“We tried to show that we cared a little bit more tonight,” said Rodgers. “I just think people like to say a lot of bull****, and it’s nice to come back in here after a game like that.”
“I think there’s even more now than when I first started playing, so many overreactions that happen on a week-to-week basis. So, it’s nice to come out and have a good performance and get the trolls off our back for at least a week.”
Not content to let that speak for itself, Rodgers furthered his feedback on “trolls” on Tuesday during his weekly appearance on The Pat McAfee Show, laying out his feelings on the media landscape, hot-take culture, and why people who aren’t in his life feel the need to talk about his mental state.
“It’s absolute horse*** to give a platform to people who have no idea what they’re talking about as far as my mental state and my focus, my work habits,” said Rodgers. “People that have not been around me, are not in my life, I don’t have communication with them, they’re not in the locker room. That’s chicken***. It’s so ridiculous that people get a platform to do this and it’s the same type of people.”
“On the flip side of that, I think, in this day and age of media…it’s all about clicks and hits and views…the opinions that are garnering the most attention are the most outlandish. So it’s not even Overreaction Monday or Tuesday anymore, it’s Overreaction Every Time A Microphone Is In Your Face. Every time you’re on a panel, it’s ‘who can say the most outlandish things,’ because that’s gonna give you the most hits.”
“I’m always gonna give a reminder to listen to the source of some of these things. Be reminded they’re talking to the same people giving the same tired rhetoric. I was just surprised after week one there was such a story out there. But what’s crazy to me is to let one storyline by a person who has no contact with me, has zero relationships, for that to become some kind of narrative that’s out there. That now I somehow don’t care about ball because of my zen attitude in the offseason. That’s the bull*** I was talking about last night.”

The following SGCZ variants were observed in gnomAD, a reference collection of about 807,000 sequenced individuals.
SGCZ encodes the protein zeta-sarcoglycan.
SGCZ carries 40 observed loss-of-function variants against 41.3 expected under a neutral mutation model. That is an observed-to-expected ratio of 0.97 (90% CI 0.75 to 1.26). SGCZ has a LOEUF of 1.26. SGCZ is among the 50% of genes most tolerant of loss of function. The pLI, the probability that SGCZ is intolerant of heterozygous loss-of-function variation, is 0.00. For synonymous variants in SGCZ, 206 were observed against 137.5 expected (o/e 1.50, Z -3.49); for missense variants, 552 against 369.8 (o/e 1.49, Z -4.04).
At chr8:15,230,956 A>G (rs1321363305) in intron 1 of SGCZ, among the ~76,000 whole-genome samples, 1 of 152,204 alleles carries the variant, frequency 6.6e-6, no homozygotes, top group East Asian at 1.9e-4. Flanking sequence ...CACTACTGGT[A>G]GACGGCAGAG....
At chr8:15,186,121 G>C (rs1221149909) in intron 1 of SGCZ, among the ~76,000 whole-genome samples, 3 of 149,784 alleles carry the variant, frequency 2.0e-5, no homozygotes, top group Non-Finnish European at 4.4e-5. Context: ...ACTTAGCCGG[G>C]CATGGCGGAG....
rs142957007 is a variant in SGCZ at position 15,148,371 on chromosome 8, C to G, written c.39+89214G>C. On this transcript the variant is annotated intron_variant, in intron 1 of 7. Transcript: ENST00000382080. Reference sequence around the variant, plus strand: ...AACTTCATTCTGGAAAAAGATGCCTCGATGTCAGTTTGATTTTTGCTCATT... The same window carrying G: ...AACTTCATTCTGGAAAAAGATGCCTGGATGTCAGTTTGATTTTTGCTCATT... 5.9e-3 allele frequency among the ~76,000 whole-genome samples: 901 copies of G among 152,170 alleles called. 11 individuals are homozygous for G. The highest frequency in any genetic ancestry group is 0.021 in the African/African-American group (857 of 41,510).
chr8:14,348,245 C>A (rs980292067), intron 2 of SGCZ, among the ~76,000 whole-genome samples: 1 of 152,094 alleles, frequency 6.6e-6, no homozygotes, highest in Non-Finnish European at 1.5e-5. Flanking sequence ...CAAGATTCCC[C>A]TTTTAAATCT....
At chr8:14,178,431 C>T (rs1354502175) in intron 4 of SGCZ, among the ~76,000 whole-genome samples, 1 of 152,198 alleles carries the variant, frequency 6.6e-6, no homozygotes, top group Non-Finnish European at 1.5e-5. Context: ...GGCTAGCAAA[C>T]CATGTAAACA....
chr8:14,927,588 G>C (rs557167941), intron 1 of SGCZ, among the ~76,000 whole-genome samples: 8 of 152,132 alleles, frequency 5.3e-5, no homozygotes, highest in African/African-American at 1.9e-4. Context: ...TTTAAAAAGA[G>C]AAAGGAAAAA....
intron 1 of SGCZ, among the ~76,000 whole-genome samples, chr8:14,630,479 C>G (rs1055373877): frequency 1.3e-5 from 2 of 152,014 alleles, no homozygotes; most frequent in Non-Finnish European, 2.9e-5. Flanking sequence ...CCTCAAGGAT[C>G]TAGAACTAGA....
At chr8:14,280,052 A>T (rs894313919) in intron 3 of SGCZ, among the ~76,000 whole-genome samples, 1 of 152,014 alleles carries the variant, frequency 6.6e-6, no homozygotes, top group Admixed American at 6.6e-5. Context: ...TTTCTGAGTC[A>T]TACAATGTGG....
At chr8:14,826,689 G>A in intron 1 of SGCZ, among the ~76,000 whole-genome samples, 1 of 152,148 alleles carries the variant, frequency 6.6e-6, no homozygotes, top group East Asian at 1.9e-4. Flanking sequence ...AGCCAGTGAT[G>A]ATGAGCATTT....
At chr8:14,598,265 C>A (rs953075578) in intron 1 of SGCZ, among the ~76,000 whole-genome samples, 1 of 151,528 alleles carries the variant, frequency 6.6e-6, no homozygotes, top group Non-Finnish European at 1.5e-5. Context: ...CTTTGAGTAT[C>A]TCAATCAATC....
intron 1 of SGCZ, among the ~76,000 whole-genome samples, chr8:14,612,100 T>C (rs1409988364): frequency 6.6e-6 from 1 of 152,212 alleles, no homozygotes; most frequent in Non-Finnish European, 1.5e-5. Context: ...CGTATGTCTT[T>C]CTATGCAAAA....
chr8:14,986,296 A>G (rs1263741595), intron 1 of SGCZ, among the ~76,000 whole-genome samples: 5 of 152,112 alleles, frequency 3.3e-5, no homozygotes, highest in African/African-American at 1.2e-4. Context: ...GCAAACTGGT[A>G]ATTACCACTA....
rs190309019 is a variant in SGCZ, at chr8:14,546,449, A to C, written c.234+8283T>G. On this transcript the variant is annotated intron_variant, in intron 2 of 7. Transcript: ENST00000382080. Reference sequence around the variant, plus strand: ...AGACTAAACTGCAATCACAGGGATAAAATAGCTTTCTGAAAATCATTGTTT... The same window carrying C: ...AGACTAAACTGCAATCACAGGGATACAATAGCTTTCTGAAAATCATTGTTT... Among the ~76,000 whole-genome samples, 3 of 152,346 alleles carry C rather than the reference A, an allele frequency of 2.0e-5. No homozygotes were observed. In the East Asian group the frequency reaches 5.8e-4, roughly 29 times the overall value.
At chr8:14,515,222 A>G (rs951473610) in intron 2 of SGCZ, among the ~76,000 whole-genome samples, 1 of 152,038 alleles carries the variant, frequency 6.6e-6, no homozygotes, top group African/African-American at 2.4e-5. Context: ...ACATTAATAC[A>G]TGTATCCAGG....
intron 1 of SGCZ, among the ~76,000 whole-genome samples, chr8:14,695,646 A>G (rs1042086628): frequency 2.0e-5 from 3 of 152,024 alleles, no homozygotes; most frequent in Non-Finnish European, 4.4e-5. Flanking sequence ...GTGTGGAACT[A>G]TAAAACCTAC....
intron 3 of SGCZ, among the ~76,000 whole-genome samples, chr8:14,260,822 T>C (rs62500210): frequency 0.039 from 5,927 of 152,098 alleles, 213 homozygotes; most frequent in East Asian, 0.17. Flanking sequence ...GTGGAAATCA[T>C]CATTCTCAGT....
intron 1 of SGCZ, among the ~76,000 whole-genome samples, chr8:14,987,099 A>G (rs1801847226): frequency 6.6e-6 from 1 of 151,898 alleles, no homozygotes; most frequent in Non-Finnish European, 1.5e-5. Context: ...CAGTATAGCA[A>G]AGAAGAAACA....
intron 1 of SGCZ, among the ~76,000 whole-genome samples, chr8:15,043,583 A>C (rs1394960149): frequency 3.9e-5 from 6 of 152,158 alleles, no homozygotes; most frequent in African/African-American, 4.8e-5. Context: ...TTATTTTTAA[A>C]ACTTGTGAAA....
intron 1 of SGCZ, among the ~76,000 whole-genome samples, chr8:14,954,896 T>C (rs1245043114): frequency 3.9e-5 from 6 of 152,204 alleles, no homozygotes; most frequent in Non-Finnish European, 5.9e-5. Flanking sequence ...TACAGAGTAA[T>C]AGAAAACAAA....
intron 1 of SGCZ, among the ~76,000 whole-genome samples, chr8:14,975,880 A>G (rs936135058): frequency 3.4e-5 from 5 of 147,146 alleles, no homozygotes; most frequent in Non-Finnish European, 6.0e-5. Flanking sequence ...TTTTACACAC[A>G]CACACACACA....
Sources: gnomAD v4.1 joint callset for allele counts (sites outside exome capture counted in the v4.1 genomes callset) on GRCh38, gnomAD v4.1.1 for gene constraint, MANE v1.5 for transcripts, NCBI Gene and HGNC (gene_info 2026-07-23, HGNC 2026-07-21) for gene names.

“The trolls are out there, I get it. But the truth and fact should not be replaced by ill-founded conjecture, and when it is, then I’m thankful for this opportunity…to be able to say, hey look, think about who’s saying these things.”
Rodgers didn’t mention former Packers tight end Jermichael Finley by name but it’s pretty hard to deny that he was referring to his ex-teammate who spent the week talking about the QB’s work ethic. Not to mention the anonymous NFL executives and NFL pregame hosts who all had opinions on Rodgers’ state of mind.
Rodgers expanded on those thoughts, specifically on his relationship with the media.
"I think all these people on all these shows think they're celebrities & they believe they have this platform to say whatever they want.. that's the state of the media right now"~@AaronRodgers12#PatMcAfeeShowLIVE pic.twitter.com/80SpbjbV4a
— Pat McAfee (@PatMcAfeeShow) September 21, 2021
“I think all these people who are on these shows now believe they’re celebrities and they believe they have this platform to use it to say whatever they want. That’s how they garner the attention, that’s how they get the promotion, that’s how they get to be on multiple networks. That’s how they get their name out there, get a blue checkmark, and get to go to the Met ball…that’s the society we live in now.”
Rodgers goes on to say it wasn’t like this in 2005, which is kinda true but also a bit of an oversimplification. We were certainly well on our way to the kind of media culture we have today back then. The sports media landscape was already a “debate me” mindset geared towards strong opinions. But it’s a fair critique to consider.
Regardless, these are some very strong comments and rebuttals from Rodgers. And while the punches may have indeed landed, he also predicted what the reaction is going to be. We can expect to see all the talking heads that Rodgers is complaining about back at it this week to respond to his feedback. And we’re sure the cycle will continue.